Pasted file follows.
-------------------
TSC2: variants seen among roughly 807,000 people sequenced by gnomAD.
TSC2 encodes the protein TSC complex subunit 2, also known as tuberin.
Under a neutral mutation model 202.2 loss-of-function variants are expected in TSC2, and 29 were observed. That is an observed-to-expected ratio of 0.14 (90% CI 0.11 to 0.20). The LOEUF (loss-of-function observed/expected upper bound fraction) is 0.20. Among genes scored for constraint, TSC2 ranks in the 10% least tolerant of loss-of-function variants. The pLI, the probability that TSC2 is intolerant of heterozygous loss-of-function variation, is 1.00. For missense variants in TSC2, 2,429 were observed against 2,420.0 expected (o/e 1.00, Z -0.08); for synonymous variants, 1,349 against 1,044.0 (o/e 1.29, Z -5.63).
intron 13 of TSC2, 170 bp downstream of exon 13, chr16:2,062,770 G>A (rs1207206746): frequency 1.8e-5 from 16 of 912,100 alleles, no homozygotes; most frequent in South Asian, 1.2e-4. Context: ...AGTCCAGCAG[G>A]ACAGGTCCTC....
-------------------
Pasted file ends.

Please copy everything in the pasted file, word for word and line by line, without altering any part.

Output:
TSC2: variants seen among roughly 807,000 people sequenced by gnomAD.
TSC2 encodes the protein TSC complex subunit 2, also known as tuberin.
Under a neutral mutation model 202.2 loss-of-function variants are expected in TSC2, and 29 were observed. That is an observed-to-expected ratio of 0.14 (90% CI 0.11 to 0.20). The LOEUF (loss-of-function observed/expected upper bound fraction) is 0.20. Among genes scored for constraint, TSC2 ranks in the 10% least tolerant of loss-of-function variants. The pLI, the probability that TSC2 is intolerant of heterozygous loss-of-function variation, is 1.00. For missense variants in TSC2, 2,429 were observed against 2,420.0 expected (o/e 1.00, Z -0.08); for synonymous variants, 1,349 against 1,044.0 (o/e 1.29, Z -5.63).
intron 13 of TSC2, 170 bp downstream of exon 13, chr16:2,062,770 G>A (rs1207206746): frequency 1.8e-5 from 16 of 912,100 alleles, no homozygotes; most frequent in South Asian, 1.2e-4. Context: ...AGTCCAGCAG[G>A]ACAGGTCCTC....